Thursday, 3 July 2014
Thursday, 8 May 2014
|Bottom panel from Allred's original page (X-Force #116) (courtesy of www.marvunapp.com)|
I chose this page to work on for a few reasons. The first of which is to pay homage to a comic that was really important to me. I'd read X-Force in my teens, but wasn't aware of it at all during my break from comics in the 2000's. I was visiting a friend and he had the hardback trade of Milligan/Allred's X-Force run, collecting their work up to the point the title changed to 'X-Statix'. I asked about it, and he said "oh, it's the X-Men book where everyone gets killed, you can borrow it if you want". And reading it brought me back around to comics really, the gateway drug to where I am now. What had turned me away from comics at the tail-end of the 90s was how po-faced and serious they'd gotten, feigning emotional depth and making sure that everything was 'gritty' and 'grown up'. Milligan and Allred threw all that out, and the resulting pop-culture satire was gleefully delivered while still delivering a real emotional punch with the death of a leading character at the end of the book, despite having otherwise trivialised superhero death up until that point (it's a few years on now, but you won't be getting spoilerised by me).
The other reason was more aesthetic. I loved the way the page worked, breaking down into slow motion, using only four panels, a particularly grisly death-by-attack-helicopter. It had the same sensation on me as a reader as getting on and off a non-moving escalator has, if that makes any sense -- that sudden drawing out of time followed by a jarring snap-back to normality.
In technical terms, I had to fudge it a little bit -- the Intercorstal 2 pages are being done at a different page ratio to the original, and the compositional elements I mentioned -- the helicopter in the top frame, the repeating character poses in 2&3 and the explosion of gore in Panel 4 were very roughly sketched in, and then not referred to again. It was important to me that I kept a high-contrast, unfussy page, so there aren't a great number of details and the patterning I often deploy is nowhere to be seen, which was intended to recall Allred's style -- there are a few lines in there where I've tried to recreate his inking style, but I'm not sure I'd be able to point them out, if I'm honest.
But in other matters: page 22 is done. Another 2 pages (maybe another 3, am considering dropping one of the previous pages) and I'll be looking to get an actual, printed copy done (at a printer, rather than on the office photocopier).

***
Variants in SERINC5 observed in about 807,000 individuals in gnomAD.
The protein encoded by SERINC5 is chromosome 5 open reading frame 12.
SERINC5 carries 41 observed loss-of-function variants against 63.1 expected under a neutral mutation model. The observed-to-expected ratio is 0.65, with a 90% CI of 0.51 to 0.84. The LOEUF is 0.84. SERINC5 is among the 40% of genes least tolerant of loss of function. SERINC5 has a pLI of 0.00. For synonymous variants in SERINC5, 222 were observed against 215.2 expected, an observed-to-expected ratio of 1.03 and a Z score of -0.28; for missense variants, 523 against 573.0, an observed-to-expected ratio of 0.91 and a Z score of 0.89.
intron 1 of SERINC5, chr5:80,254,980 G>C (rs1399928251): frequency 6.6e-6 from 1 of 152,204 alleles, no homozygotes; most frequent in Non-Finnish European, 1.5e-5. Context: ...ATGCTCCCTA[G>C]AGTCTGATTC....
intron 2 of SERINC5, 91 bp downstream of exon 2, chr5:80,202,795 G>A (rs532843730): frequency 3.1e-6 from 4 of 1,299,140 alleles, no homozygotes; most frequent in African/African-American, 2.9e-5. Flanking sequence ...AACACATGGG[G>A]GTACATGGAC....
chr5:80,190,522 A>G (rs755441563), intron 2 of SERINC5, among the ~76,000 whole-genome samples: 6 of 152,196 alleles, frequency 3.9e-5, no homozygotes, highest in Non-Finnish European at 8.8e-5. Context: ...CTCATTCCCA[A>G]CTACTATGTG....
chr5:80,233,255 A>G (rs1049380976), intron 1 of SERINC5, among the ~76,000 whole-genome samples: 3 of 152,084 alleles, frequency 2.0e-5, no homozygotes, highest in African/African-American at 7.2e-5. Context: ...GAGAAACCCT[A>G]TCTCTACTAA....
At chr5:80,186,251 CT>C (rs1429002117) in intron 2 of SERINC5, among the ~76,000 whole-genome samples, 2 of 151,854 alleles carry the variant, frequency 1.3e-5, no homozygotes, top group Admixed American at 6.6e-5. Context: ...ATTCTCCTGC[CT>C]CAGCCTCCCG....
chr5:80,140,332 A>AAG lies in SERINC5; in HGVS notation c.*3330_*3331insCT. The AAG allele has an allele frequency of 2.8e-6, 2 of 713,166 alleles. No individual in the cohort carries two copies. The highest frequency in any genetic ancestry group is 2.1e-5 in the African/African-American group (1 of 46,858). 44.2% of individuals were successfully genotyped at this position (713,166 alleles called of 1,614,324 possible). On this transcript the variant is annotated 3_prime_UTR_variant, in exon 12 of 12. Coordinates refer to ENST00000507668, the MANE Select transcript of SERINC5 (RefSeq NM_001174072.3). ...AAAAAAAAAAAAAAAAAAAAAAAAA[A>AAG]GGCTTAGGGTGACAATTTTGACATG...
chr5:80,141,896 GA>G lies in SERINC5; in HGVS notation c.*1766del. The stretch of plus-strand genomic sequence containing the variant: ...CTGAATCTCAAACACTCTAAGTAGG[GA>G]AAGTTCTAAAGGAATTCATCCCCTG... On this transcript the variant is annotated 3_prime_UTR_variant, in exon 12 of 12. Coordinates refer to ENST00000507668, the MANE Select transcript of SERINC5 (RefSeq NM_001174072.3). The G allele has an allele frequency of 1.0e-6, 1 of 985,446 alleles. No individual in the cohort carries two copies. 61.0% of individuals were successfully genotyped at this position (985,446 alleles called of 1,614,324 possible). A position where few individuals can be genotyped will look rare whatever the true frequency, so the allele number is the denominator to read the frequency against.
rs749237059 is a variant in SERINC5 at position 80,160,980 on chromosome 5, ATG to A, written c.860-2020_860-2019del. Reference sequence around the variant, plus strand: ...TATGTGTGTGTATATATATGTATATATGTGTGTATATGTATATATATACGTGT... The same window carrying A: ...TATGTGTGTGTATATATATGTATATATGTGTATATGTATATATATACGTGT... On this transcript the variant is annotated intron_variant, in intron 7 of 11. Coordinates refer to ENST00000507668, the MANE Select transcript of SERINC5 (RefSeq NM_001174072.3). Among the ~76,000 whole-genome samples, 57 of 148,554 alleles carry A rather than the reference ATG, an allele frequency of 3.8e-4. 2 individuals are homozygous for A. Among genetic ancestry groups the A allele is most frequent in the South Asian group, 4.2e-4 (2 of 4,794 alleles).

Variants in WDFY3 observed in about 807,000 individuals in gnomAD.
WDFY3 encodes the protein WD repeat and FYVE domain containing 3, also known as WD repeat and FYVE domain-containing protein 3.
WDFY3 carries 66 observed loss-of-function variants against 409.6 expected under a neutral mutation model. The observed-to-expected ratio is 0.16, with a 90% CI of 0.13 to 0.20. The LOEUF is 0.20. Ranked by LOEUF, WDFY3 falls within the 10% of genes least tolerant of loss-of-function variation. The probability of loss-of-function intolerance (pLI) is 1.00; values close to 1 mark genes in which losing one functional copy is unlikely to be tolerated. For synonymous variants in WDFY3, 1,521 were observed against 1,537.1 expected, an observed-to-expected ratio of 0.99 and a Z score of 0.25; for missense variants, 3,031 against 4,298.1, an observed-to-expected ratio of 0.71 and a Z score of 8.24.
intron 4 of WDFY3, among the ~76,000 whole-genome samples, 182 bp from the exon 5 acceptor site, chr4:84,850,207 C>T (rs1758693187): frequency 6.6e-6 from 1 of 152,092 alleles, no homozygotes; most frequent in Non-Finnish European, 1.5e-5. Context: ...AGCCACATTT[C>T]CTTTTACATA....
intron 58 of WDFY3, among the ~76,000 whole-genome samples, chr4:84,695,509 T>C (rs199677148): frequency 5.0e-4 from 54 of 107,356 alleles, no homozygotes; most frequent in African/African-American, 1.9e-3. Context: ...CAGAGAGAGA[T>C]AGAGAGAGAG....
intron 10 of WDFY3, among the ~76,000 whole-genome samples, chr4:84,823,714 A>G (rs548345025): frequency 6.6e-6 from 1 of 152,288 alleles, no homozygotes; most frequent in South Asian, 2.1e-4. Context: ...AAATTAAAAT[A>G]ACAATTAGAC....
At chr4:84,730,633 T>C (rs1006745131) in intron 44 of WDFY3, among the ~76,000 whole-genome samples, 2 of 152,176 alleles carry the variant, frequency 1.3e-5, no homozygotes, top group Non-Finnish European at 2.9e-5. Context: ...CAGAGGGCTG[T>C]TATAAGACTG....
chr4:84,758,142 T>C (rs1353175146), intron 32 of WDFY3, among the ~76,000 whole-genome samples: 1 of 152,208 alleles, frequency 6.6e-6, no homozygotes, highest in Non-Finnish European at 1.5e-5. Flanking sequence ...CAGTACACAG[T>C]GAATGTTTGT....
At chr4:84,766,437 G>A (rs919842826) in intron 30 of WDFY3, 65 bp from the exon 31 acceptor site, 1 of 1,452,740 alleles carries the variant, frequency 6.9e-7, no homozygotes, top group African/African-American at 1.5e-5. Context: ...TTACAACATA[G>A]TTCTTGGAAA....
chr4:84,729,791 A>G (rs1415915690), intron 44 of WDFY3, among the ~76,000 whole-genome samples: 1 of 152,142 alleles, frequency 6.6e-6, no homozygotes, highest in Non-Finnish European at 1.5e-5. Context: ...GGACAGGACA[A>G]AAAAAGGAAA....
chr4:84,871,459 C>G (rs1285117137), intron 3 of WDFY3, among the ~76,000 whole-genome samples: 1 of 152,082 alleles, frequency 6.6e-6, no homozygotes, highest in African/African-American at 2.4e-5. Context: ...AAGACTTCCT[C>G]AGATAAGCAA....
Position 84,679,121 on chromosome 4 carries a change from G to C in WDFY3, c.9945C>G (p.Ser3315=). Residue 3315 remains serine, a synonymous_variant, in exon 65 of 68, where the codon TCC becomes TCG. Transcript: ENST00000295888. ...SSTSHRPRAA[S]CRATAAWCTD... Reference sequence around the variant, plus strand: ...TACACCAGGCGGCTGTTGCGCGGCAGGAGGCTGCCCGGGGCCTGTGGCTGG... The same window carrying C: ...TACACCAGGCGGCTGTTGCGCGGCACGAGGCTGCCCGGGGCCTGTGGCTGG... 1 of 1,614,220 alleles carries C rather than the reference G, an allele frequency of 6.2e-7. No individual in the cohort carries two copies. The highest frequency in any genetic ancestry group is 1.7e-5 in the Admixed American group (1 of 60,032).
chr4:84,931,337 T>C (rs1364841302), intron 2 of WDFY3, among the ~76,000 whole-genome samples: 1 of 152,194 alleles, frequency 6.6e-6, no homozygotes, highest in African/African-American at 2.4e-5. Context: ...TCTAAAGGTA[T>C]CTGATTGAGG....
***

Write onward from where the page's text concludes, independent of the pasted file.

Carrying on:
Tuesday, 8 April 2014
As you can see, pages 18 and 19 were done a little differently to the scans I normally post. Both started as doodles on conference paper, and evolved into finished pages. I was emboldened by the work of Warwick Johnson Cadwell, who I met at London Super Comic Convention 2014 (he had a table on artist alley, I was volunteering). I listened to an interview with him where he said that he kept panels for comics separately (in a plastic bag?) so I figured I could do something similar with The Intercorstal -- draw the content and then shape it into a page at a later date.
Page 20 (the one down the bottom) is an abstraction from Hine & Kane's Bulletproof Coffin. The other three pages came straight out of my headbox.
The finished pages of these can be found at the Abstract Comics blog
Tuesday, 5 November 2013
It's a... bit of a departure. As I was working on Page 8, my son asked if he could help (he's 4). I kindly asked him to leave that page, as I was almost done, but he could do a little to this page, which I'd laid out in pencil (again, after a page from 'Still Life'). He took a pen and scribbled over the whole thing. Not sure why I expected anything different.
But, y'know... it did add a totally new element to the page, which was going to be very constructed, and a lot of hard work. As you can see, I've started working into what he left, and hope if I continue it'll all work out. Check back, if you're interested, I'm sure I'll post up the finished page.